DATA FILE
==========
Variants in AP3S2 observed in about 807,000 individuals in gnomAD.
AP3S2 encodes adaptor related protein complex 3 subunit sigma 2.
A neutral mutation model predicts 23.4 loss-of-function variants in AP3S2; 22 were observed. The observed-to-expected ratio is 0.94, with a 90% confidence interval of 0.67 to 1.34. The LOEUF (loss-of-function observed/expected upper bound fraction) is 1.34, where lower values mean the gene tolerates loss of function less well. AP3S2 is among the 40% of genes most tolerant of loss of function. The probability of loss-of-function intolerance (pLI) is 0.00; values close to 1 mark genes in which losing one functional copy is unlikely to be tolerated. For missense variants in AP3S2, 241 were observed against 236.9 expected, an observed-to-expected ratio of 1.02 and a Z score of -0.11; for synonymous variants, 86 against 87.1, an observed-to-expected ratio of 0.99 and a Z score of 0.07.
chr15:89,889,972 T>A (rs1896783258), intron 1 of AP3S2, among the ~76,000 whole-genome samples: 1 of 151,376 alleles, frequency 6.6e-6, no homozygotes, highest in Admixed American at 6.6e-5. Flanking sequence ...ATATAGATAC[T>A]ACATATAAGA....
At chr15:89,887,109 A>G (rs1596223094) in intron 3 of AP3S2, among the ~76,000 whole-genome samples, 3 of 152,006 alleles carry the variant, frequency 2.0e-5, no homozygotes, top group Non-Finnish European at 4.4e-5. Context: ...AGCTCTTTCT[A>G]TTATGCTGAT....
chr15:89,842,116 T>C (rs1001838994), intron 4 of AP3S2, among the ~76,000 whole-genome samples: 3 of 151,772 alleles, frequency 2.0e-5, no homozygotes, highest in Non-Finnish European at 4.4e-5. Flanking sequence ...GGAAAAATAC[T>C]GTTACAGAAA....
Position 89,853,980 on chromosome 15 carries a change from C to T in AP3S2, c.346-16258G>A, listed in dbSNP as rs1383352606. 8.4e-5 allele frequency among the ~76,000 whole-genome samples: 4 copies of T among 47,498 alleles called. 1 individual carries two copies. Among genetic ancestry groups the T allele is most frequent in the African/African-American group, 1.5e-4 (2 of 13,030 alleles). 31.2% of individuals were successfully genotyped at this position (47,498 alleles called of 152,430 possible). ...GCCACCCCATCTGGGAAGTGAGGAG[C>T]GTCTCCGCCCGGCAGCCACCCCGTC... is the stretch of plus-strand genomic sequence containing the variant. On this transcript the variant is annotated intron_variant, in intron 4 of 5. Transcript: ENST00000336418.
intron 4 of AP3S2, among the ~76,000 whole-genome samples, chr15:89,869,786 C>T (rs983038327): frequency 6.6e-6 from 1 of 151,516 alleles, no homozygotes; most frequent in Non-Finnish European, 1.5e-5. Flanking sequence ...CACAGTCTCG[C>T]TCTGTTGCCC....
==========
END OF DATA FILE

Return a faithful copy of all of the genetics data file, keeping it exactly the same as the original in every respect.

Variants in AP3S2 observed in about 807,000 individuals in gnomAD.
AP3S2 encodes adaptor related protein complex 3 subunit sigma 2.
A neutral mutation model predicts 23.4 loss-of-function variants in AP3S2; 22 were observed. The observed-to-expected ratio is 0.94, with a 90% confidence interval of 0.67 to 1.34. The LOEUF (loss-of-function observed/expected upper bound fraction) is 1.34, where lower values mean the gene tolerates loss of function less well. AP3S2 is among the 40% of genes most tolerant of loss of function. The probability of loss-of-function intolerance (pLI) is 0.00; values close to 1 mark genes in which losing one functional copy is unlikely to be tolerated. For missense variants in AP3S2, 241 were observed against 236.9 expected, an observed-to-expected ratio of 1.02 and a Z score of -0.11; for synonymous variants, 86 against 87.1, an observed-to-expected ratio of 0.99 and a Z score of 0.07.
chr15:89,889,972 T>A (rs1896783258), intron 1 of AP3S2, among the ~76,000 whole-genome samples: 1 of 151,376 alleles, frequency 6.6e-6, no homozygotes, highest in Admixed American at 6.6e-5. Flanking sequence ...ATATAGATAC[T>A]ACATATAAGA....
At chr15:89,887,109 A>G (rs1596223094) in intron 3 of AP3S2, among the ~76,000 whole-genome samples, 3 of 152,006 alleles carry the variant, frequency 2.0e-5, no homozygotes, top group Non-Finnish European at 4.4e-5. Context: ...AGCTCTTTCT[A>G]TTATGCTGAT....
chr15:89,842,116 T>C (rs1001838994), intron 4 of AP3S2, among the ~76,000 whole-genome samples: 3 of 151,772 alleles, frequency 2.0e-5, no homozygotes, highest in Non-Finnish European at 4.4e-5. Flanking sequence ...GGAAAAATAC[T>C]GTTACAGAAA....
Position 89,853,980 on chromosome 15 carries a change from C to T in AP3S2, c.346-16258G>A, listed in dbSNP as rs1383352606. 8.4e-5 allele frequency among the ~76,000 whole-genome samples: 4 copies of T among 47,498 alleles called. 1 individual carries two copies. Among genetic ancestry groups the T allele is most frequent in the African/African-American group, 1.5e-4 (2 of 13,030 alleles). 31.2% of individuals were successfully genotyped at this position (47,498 alleles called of 152,430 possible). ...GCCACCCCATCTGGGAAGTGAGGAG[C>T]GTCTCCGCCCGGCAGCCACCCCGTC... is the stretch of plus-strand genomic sequence containing the variant. On this transcript the variant is annotated intron_variant, in intron 4 of 5. Transcript: ENST00000336418.
intron 4 of AP3S2, among the ~76,000 whole-genome samples, chr15:89,869,786 C>T (rs983038327): frequency 6.6e-6 from 1 of 151,516 alleles, no homozygotes; most frequent in Non-Finnish European, 1.5e-5. Flanking sequence ...CACAGTCTCG[C>T]TCTGTTGCCC....